FRAN:i READE, JR.'S "SEA SERPENT." 9 Quickly Barney went into the chemical and rk. He proceeded to first cover his faoo with white chalk. The result was natural enough. The dark'}''s body would not pass all the way through. He stopped just at his waist, and to get further was a en he rubbed in some phosphoric oil, an invention of sheer impossibility. ank Reade, Jr.'s, which had the peculiar property of Had he been able to get through the window it would ng intensely luminous in the dark. have been to fall into the sea. beets were procured and covered with the same. Thus But he did not mind this, for he could swim like a fish ired, Barney looked like an incarnation from Hades, or But there he stuck, fast in the window. All his efforts disembodied spirit from some ghoul-haunted graveto get through were vain. It was too much for Barney. d. Forgetting his ghostly propensities and qualities he gave he chemical room was connected with the galley by a way to uproarious laughter. He ran forward and began to claw the darky's legs. n this passage was the electric meter by which Barney This convulsed Pomp, who was sure that his end had come w that he could turn off the light in that part of the and that the bad spirit had him. t. Sure until he heard Barney's shrieks of laughter. ""-ll was ready Then like a flash the truth dawned upon him. He was he Celt stepped out into the passage and instantly shut the maddest darky on earth with that revelation. the current from the galley illuminators. "Golly fo' glory! I done kill dat I'ishman !" he gritted. f course the place was instantly shrouded in darkness. He began now to work his way back through the deadhe result was that Pomp began to yell furiously at the eye. But Barney was not yet through with him. of his voice: It was too exoollent an opportunity, and the Celt, seiz'Who done turn off dat light? Hi, dar, yo' fool I' ishing a strip of board, began to belabor the darky's hinder n l If dat am yo', jes' turn dat on again, or I put a part in right royal fashion. d on yo' Hear mah gentle voice?" 'Be jabers, I hear it!" chuckled Barney. For half a minute Pomp suffered. Then out from the dead-eye, like a cork from a chamThen he lowered his voice to his boots, and let out a pagne bottle he popped, with disheveled appearance and blood in his eye. omp was coming out of the galley. Barney was by no means a bog. He had enough, and e was groping his way along when s uddenly he came was content now to -abandon the field the quickest possible e to face with the ghostly apparition. way. nd a ghostly one it truly was. Shrieking with laughter, he ran out into the corridor, n the darkriess the phosphorus shone like the evanescent tearing off his ghastly apparel as he went. 'S of a monster ignis fatuus. The darky halted. But, quick as he was, Pomp was after him. The darky arney let out a hideous overtook him and clinched with him. he effect was fearfuL A yell like that of a lost spirit One moment they swayed in the struggle. How it led from the throat of the terrified darky. would have terminated it is impossible to say. 'Massy Lordy! Golly, golly sakes alibe !" he shrieked But at that moment there was a sudden, terrific explo'se done got mah call, an' dis am de end ob Pomp. Oh, sion. stab Ghosteses, don' take dis chile yit, fo' de Lor's sake 'It was a roar like that of thunder, and the Sea Serpent 't tech me. I do anyfin' fo' yo' if yo' jes' lemme lib!" 'Boo-oo -oo !" said Barney, in sepulcb.ral tones. omp nearly had a fit. n the frenzy of the moment he made a backward leap o the galley. He had no thought but that of escape. Just over the cooking table there was a dead-eye win This was open, and Pomp made a bolt for it. It was quite a respectable sized orifioo,. but Pomp was ost as broad he was long. seemed being rent to pieces. The two rollicking servitors were tumbled end over end. When they regained their feet forgotten was everything else in the thrilling exigencies of the moment. Frank Reade, Jr., had been hurled across the stateroom by the shock. When he recovered he rushed out upon deck. The Sea Serpent was rolling in a tossing. heaving sea of waters. Frank rushed to the rail and looked over.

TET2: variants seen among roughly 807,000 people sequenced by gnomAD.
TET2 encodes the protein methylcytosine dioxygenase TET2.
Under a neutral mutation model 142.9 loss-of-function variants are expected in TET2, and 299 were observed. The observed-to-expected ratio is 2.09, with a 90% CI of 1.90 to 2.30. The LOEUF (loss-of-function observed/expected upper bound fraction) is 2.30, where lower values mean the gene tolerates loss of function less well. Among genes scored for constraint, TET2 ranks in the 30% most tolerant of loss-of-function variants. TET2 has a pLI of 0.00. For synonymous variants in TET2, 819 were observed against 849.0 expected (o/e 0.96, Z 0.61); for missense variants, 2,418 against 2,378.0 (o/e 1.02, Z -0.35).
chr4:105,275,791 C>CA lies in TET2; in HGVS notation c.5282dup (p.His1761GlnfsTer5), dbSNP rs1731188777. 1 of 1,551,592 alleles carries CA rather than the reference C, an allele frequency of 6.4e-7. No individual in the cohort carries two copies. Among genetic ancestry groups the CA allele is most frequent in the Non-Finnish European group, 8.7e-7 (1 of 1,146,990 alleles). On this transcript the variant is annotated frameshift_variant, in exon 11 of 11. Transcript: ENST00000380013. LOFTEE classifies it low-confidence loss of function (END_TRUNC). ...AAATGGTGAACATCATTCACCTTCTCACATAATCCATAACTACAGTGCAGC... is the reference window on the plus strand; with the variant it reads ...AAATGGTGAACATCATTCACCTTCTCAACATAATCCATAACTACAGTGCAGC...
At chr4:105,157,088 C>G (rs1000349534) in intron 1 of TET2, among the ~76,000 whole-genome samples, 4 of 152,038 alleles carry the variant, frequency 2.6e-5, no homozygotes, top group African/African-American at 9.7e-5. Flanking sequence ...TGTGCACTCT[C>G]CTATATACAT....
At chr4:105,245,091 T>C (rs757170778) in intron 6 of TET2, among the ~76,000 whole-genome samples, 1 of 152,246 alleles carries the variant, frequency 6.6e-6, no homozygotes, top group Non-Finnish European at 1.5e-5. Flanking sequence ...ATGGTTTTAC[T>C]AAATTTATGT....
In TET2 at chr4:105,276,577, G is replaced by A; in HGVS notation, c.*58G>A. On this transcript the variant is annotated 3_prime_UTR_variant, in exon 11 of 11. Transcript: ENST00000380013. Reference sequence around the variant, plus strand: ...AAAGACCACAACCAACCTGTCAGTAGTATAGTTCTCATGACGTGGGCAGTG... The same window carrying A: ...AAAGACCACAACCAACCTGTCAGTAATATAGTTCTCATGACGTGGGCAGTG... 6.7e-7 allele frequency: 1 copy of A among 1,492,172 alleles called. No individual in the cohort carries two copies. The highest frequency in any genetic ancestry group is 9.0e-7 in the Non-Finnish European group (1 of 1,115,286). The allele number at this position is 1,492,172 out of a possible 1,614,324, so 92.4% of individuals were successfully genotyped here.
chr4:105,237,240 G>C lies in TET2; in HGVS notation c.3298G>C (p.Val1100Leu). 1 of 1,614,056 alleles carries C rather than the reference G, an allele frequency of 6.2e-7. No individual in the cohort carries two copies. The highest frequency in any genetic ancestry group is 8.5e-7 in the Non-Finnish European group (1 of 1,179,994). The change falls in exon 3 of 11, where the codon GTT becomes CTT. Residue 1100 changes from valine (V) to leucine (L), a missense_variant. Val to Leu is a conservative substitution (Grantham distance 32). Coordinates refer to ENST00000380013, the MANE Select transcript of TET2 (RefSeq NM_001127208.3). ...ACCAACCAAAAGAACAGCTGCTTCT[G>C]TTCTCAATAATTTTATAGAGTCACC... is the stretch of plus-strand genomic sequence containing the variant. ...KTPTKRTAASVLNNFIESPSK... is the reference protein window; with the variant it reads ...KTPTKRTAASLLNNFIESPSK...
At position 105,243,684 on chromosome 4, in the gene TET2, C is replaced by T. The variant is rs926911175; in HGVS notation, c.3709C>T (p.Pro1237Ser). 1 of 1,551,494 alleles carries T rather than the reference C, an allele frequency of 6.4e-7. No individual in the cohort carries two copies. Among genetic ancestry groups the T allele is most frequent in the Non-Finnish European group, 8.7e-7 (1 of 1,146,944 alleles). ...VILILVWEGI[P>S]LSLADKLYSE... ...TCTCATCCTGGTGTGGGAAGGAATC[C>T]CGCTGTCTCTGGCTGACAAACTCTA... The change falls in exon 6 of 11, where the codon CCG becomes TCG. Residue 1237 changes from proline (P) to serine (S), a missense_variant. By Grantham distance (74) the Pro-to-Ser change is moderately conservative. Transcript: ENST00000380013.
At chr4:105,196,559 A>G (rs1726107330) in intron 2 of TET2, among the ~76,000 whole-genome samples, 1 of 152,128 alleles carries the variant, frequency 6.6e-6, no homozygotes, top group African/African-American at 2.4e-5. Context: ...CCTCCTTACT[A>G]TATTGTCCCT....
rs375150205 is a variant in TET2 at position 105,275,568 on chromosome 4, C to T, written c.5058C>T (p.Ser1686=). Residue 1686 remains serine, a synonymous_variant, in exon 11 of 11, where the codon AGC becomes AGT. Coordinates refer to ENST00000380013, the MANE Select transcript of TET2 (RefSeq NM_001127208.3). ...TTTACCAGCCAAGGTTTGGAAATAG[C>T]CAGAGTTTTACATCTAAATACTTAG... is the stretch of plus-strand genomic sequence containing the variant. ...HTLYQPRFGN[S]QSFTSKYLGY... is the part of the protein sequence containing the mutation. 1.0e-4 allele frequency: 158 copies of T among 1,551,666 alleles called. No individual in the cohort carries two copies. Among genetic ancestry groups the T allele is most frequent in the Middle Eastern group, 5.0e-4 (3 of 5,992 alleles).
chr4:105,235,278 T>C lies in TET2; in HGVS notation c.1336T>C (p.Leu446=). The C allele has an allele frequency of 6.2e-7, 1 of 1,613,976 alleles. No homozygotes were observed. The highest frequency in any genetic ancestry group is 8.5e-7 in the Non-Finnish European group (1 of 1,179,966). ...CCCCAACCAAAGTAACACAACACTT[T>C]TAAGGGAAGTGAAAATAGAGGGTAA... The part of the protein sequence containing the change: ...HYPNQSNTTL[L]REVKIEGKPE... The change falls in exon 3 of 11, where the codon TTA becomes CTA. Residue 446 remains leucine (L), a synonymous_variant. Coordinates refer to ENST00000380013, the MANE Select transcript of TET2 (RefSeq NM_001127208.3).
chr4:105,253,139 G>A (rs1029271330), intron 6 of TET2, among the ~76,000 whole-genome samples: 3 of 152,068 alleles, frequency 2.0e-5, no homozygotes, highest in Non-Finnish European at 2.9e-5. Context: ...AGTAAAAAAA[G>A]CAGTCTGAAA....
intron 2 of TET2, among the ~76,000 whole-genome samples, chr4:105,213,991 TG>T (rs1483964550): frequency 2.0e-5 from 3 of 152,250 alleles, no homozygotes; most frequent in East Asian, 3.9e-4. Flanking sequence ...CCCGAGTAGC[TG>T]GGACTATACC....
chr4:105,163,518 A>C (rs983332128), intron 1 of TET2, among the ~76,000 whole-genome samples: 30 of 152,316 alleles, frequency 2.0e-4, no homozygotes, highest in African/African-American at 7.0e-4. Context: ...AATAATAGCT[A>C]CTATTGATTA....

. / JO FRANK READE, JR.'S "SEA SERPENT." He saw the side of the boat was a dented, and that The three looked at each other. a section of the railing was gone. Then Frank nodded his head. What did it mean? "We will spoil their game!" he declared. "The Had there been a collision? Had they been run down? Serpent is going to the South Pacific, and they cannot o But if so, the other vessel was not in view. Had it vent it." sunk? It was not much work to repair the damage done to But something hanging over a portion of the dismantled boat. railing caught Frank's eye. The railing was not a prime necessity at this part of He went forward and p:cked it up. boat. A little paint would cover the blackened spot, It was a wire. the dent had not resulted in any cracking of the steel Instantly a premonition of the truth flashed across the ing. young inventor. He was ihtensely But it certainly had been a very narrow escape for He rushed to the pilot-house and turned on the search Sea Serpent. light. For the rest of the night all remained awake. Over the decks it traveled, and then out upon the surface vals Barney kept the searchlight playing across the of the sea and to the shore a half mile distant. But the would-be wreckers did not make another And there he saw, drawn up on the sands, a boat, while ance. a number of men were running toward the woods beyond. Frank instantly understood all. It had been a diabolical attempt to blow up the Sea Ser pent with dynamite. The attempt had by ra. re good fortune. Frank's horror was only exceeded by his surprise Who were the destroyer s and what was their purpose. Barney and Pomp were now on deck. The night wore away and mor.o.ing came. high in air when a tugboat was seen approaching the Serpent. As it drew nearer Frank saw Wallis and the bow. A few moments later the tug ran alongside. The two me,n leaped out, and the first words of W were: "Here I am, Frank, according to your instructions A quick examination was made of the boat's hull. ":M:y instructions!" exclaimed Frank; "have It was dented and somewhat blackened, and some of the gotten that you were to be on hand yesterday railing was blown away. But this was all. The Sea Serpent and its crew had miraculously escaped a watery grave. For a time Frank was very angry. He was strongly inclined to send a dynamite shell after the villtflns, but he finally decided not to do so. "Begorra, I thdught the divil meant us no good when he came to the Sea Serpent to-day," averred Barney. Frank's face darkened. to make the start?" Wallis looked astonished. "I believed that was the arrangement until I got note I" ":M:y note?" "Yes." Frank looked surprised. "What note?" he asked, coolly. Young Wallis dove deep in his pocket and resurrected "There is no doubt but that he is the rascal," he deenvelope. clared. "But what on' earth was his purpose?" He handed this to Frank. "Golly I done fink dar am somefin' wrong," said Pomp. "Mebbe some one hab faun' out jes' whar de Sea Serpent am gwine, an' dey jes' wants to try an' stop it." Frapk Reade, Jr., stopped short in his walk up and down the deck. "By gracious, Pomp, I believe you're right!" he cried. CHAPTER V. ON THE EQUATOR. "And, now I come to think of it I will wager that there Before he even broke the seal Frank Reade, Jr., was some sort of a scheme to keep Wallis from coming on stood all. board last night." The note which Wallis had received at the "Begorra, that's just the whole av it!" shouted Barney. Hotel shortly after his